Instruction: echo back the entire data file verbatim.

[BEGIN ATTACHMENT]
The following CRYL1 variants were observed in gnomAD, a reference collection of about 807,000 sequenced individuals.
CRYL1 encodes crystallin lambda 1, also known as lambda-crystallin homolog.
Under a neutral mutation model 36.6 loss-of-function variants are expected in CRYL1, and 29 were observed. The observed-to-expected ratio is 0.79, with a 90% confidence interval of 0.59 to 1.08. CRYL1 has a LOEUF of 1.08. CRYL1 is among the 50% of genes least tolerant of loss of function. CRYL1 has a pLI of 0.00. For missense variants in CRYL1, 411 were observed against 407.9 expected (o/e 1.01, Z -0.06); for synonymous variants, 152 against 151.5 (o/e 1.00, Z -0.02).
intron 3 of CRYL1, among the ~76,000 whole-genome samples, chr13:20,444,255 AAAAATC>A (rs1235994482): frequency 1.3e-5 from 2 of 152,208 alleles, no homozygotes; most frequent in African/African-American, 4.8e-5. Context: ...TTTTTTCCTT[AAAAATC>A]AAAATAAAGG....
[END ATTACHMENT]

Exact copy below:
The following CRYL1 variants were observed in gnomAD, a reference collection of about 807,000 sequenced individuals.
CRYL1 encodes crystallin lambda 1, also known as lambda-crystallin homolog.
Under a neutral mutation model 36.6 loss-of-function variants are expected in CRYL1, and 29 were observed. The observed-to-expected ratio is 0.79, with a 90% confidence interval of 0.59 to 1.08. CRYL1 has a LOEUF of 1.08. CRYL1 is among the 50% of genes least tolerant of loss of function. CRYL1 has a pLI of 0.00. For missense variants in CRYL1, 411 were observed against 407.9 expected (o/e 1.01, Z -0.06); for synonymous variants, 152 against 151.5 (o/e 1.00, Z -0.02).
intron 3 of CRYL1, among the ~76,000 whole-genome samples, chr13:20,444,255 AAAAATC>A (rs1235994482): frequency 1.3e-5 from 2 of 152,208 alleles, no homozygotes; most frequent in African/African-American, 4.8e-5. Context: ...TTTTTTCCTT[AAAAATC>A]AAAATAAAGG....